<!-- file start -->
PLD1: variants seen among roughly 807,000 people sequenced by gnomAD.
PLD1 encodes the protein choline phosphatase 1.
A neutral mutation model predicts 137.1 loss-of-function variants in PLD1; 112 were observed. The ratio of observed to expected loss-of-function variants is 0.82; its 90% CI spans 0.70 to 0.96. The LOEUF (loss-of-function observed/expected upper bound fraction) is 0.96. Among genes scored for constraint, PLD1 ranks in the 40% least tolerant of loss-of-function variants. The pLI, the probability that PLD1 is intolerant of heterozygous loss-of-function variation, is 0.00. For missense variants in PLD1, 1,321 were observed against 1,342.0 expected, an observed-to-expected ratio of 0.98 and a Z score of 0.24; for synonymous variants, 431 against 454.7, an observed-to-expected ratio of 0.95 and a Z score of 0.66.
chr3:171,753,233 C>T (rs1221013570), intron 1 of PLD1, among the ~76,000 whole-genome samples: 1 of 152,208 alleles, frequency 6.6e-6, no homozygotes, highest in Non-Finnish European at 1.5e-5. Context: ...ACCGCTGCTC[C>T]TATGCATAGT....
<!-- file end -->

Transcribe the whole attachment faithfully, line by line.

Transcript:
PLD1: variants seen among roughly 807,000 people sequenced by gnomAD.
PLD1 encodes the protein choline phosphatase 1.
A neutral mutation model predicts 137.1 loss-of-function variants in PLD1; 112 were observed. The ratio of observed to expected loss-of-function variants is 0.82; its 90% CI spans 0.70 to 0.96. The LOEUF (loss-of-function observed/expected upper bound fraction) is 0.96. Among genes scored for constraint, PLD1 ranks in the 40% least tolerant of loss-of-function variants. The pLI, the probability that PLD1 is intolerant of heterozygous loss-of-function variation, is 0.00. For missense variants in PLD1, 1,321 were observed against 1,342.0 expected, an observed-to-expected ratio of 0.98 and a Z score of 0.24; for synonymous variants, 431 against 454.7, an observed-to-expected ratio of 0.95 and a Z score of 0.66.
chr3:171,753,233 C>T (rs1221013570), intron 1 of PLD1, among the ~76,000 whole-genome samples: 1 of 152,208 alleles, frequency 6.6e-6, no homozygotes, highest in Non-Finnish European at 1.5e-5. Context: ...ACCGCTGCTC[C>T]TATGCATAGT....